Simone had her drink spiked at a bottomless brunch. Now she struggles to walk.

Simone White was out with friends at a bottomless brunch when she began to feel strange.

The 43-year-old from Bristol, England, put it down to having several drinks in a short period before collapsing and being rushed to hospital.

A week on from the incident and Simone still cannot walk or speak properly. 

"I don't want anyone to go through what I have gone through," she said in a Facebook video earlier this week.

"There are really long-term damaging effects to being spiked. I was so complacent. Who on earth would want to spike a 43-year-old?

"There needs to be more awareness of the potential."

Simone has shared a video about her experience, watch it below. Post continues after video.

Simone realised something was wrong when she stepped out of the restaurant for fresh air. She tried to find her eldest son, 18, who was at a nearby bar but collapsed. 

"I was very agitated," she said of what she can recall.

"I had no control of my body at all. I was having episodes of consciousness and unconsciousness. When I was conscious I was gurning, throwing things, going rigid and scratching and clawing."

Bypassers found Simone on Facebook and called her partner, George, who took her to emergency.  

"I got there in about 15 minutes. I found her in a very aggravated state," George told BBC.


Doctors ran some tests and told Simone to stay in hospital overnight, where she suffered repeated seizures. 

Despite being told the effects of the drug would wear off, the mum-of-three is still unable to talk properly. 

Following a CT scan, a neurologist believes Simone has a functional neurological disorder (FND).

"It's something usually triggered by a stressful event," she said.

The self-employed cleaner is currently unable to work and doctors have told her not to drive. She is awaiting test results.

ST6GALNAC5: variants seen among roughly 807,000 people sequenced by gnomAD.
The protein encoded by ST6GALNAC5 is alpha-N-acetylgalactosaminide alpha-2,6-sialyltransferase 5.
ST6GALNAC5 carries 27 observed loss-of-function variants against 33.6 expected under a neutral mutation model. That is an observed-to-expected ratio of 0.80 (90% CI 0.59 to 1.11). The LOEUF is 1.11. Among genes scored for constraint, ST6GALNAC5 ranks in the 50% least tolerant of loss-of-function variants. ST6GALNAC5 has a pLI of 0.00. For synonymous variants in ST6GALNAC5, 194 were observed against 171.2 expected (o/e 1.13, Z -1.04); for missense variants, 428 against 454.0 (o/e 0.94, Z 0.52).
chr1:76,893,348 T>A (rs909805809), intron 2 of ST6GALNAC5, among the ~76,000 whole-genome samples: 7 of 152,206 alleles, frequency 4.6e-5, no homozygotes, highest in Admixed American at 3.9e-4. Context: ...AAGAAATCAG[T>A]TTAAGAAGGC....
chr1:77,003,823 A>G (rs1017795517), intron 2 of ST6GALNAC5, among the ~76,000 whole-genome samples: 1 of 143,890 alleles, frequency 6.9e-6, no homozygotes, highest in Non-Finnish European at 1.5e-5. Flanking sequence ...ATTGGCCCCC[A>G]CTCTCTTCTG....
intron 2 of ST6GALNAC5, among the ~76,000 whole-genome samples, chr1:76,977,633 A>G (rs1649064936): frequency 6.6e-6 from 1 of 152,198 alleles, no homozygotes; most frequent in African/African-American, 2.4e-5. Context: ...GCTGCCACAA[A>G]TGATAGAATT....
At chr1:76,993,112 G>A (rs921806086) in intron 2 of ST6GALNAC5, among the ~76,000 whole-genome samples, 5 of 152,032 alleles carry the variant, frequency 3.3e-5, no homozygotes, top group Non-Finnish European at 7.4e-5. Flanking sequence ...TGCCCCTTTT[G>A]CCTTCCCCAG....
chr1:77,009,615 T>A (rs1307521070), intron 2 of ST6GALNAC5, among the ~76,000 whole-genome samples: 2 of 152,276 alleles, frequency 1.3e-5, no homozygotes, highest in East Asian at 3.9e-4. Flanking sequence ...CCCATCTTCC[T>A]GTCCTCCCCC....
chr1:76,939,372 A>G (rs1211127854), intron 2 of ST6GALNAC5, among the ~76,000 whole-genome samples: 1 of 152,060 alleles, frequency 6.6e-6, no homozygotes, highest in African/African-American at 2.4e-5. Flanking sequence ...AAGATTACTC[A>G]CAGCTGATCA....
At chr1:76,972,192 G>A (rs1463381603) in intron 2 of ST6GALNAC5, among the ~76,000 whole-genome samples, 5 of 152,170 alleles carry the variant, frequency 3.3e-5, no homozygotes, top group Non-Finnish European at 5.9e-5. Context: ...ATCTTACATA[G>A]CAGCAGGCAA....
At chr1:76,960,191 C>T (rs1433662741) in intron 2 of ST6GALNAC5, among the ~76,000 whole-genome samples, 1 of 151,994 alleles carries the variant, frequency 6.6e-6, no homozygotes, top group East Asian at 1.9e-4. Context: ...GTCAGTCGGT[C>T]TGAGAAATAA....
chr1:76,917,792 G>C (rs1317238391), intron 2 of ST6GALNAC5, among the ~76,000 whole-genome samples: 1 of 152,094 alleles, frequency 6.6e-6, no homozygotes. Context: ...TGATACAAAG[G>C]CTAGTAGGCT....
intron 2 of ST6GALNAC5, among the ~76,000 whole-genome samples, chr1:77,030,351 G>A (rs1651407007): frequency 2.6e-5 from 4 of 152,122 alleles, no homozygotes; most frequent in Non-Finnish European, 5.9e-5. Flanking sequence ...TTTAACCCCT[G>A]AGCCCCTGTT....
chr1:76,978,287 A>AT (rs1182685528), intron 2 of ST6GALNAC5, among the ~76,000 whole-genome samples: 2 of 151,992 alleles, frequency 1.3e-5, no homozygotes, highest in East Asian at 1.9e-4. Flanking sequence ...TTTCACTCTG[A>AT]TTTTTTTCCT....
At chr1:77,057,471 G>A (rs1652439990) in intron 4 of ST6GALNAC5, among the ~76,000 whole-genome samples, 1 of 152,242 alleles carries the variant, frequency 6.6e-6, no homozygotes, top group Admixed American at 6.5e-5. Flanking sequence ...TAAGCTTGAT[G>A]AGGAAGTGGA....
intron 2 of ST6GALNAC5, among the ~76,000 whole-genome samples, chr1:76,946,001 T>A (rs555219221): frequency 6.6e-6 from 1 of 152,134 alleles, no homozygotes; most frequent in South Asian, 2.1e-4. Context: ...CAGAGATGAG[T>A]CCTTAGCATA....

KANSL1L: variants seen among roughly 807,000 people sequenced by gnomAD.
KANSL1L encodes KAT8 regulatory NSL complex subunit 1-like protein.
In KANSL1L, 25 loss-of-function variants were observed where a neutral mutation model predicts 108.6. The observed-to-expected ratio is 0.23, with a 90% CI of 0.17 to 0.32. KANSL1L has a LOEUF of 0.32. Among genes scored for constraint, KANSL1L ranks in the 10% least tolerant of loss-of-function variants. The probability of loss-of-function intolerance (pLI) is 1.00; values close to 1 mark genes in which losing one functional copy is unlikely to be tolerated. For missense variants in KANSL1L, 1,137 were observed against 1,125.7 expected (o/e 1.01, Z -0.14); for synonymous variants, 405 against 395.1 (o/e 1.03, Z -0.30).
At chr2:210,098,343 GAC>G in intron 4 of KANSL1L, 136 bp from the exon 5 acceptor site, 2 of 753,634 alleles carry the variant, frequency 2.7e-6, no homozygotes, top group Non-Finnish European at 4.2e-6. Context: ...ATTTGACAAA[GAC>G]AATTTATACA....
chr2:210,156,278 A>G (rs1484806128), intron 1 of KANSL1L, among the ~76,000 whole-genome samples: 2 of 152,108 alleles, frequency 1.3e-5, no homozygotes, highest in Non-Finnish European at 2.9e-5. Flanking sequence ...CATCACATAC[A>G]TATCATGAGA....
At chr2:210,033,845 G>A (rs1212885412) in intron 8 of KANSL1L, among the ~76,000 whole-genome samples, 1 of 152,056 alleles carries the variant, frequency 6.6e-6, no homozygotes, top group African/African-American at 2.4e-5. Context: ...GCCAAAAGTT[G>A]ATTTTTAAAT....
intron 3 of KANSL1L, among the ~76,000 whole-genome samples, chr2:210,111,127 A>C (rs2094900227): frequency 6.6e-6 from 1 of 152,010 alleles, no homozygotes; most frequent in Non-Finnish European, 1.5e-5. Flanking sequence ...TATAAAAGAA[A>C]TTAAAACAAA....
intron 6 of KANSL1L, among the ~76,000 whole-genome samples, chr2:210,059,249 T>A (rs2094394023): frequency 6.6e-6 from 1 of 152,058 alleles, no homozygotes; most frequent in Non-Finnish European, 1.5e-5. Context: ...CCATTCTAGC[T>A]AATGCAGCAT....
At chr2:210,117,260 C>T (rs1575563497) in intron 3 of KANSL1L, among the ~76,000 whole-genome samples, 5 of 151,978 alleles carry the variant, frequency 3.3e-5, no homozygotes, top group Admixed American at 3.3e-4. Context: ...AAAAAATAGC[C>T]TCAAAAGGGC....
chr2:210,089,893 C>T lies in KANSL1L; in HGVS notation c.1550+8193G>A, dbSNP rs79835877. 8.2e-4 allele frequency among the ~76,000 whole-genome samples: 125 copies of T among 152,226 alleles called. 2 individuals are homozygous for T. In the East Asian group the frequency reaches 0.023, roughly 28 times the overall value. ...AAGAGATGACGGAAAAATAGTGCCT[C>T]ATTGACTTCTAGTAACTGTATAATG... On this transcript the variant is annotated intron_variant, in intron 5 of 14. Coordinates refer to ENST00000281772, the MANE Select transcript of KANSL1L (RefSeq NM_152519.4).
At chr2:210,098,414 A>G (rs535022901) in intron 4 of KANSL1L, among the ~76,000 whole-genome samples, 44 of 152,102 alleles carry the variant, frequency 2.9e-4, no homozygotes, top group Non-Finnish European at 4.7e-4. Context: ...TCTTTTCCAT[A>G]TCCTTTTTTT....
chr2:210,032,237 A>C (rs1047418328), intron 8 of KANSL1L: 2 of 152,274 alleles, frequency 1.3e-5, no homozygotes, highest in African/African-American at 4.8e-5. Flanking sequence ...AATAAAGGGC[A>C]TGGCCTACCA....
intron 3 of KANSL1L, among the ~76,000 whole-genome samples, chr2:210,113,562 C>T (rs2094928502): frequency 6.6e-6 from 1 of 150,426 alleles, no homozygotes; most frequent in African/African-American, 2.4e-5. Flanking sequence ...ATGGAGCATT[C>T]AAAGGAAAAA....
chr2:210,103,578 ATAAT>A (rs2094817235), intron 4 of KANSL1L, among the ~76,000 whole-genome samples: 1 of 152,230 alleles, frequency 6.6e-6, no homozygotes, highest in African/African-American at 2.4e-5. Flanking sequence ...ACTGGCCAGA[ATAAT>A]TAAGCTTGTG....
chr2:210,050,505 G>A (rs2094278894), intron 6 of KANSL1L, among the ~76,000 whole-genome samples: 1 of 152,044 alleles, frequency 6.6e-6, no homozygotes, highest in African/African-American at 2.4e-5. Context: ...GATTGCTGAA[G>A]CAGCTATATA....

"I loved a night out," Simone said. "Now it's made me feel unsafe."

Drink spiking remains an ongoing issue here in Australia. In New South Wales reports of drink spiking hit a five-year high in 2022.

According to the NSW Bureau of Crime Statistics and Research, police recorded 219 cases of drink or food spiking in the state that year, up from 154 cases in 2021. 

Drink spiking occurs when drugs are slipped into someone's drink without their knowledge. Despite what many people might believe, the most common drug used is alcohol. 

This could look like "adding alcohol to a non-alcoholic drink or adding extra alcohol to an already alcoholic drink", Dr Nicole Lee, a professor at the National Drug Research Institute previously told Mamamia

"Most drink spiking is actually friends pranking each other. They might add an extra shot of alcohol to see their mates get drunk quicker. In a smaller number of cases drink spiking is intended to harm someone, like for sexual assault or theft."


Other drugs used in drink spiking include depressants or sedatives like ketamine, Rohypnol, and gamma-Hydroxybutyric acid (GHB). 

"These drugs are colourless and don't have a strong taste or odour, so are easily concealed," says Lee.

"They make you feel relaxed at lower doses but at higher doses make you feel very sleepy and can sometimes cause unconsciousness, blackouts, and loss of memory. Sometimes people find it hard to move or speak."

Read more: Mamamia Investigates: Drink spiking is still a huge problem. We spoke to 50 people about what happened to them.

As for measuring the spread and scale of drink spiking in Australia, the data remains limited. 

"We don't really know because most of it goes unreported… A research study a few years ago estimated a few thousand cases a year across Australia," says Lee. 

As for the signs of drink spiking to look out for, "if you are feeling more drunk than you think you should be compared to how much you think you’ve had to drink, or if you feel sick or very lightheaded, it’s possible you’ve ingested something extra."

Other symptoms of drink spiking may include mental confusion and memory loss, speech difficulties, nausea and vomiting, breathing problems, muscle spasms or seizures, loss of consciousness and an unusually long hangover.

Feature image: Facebook.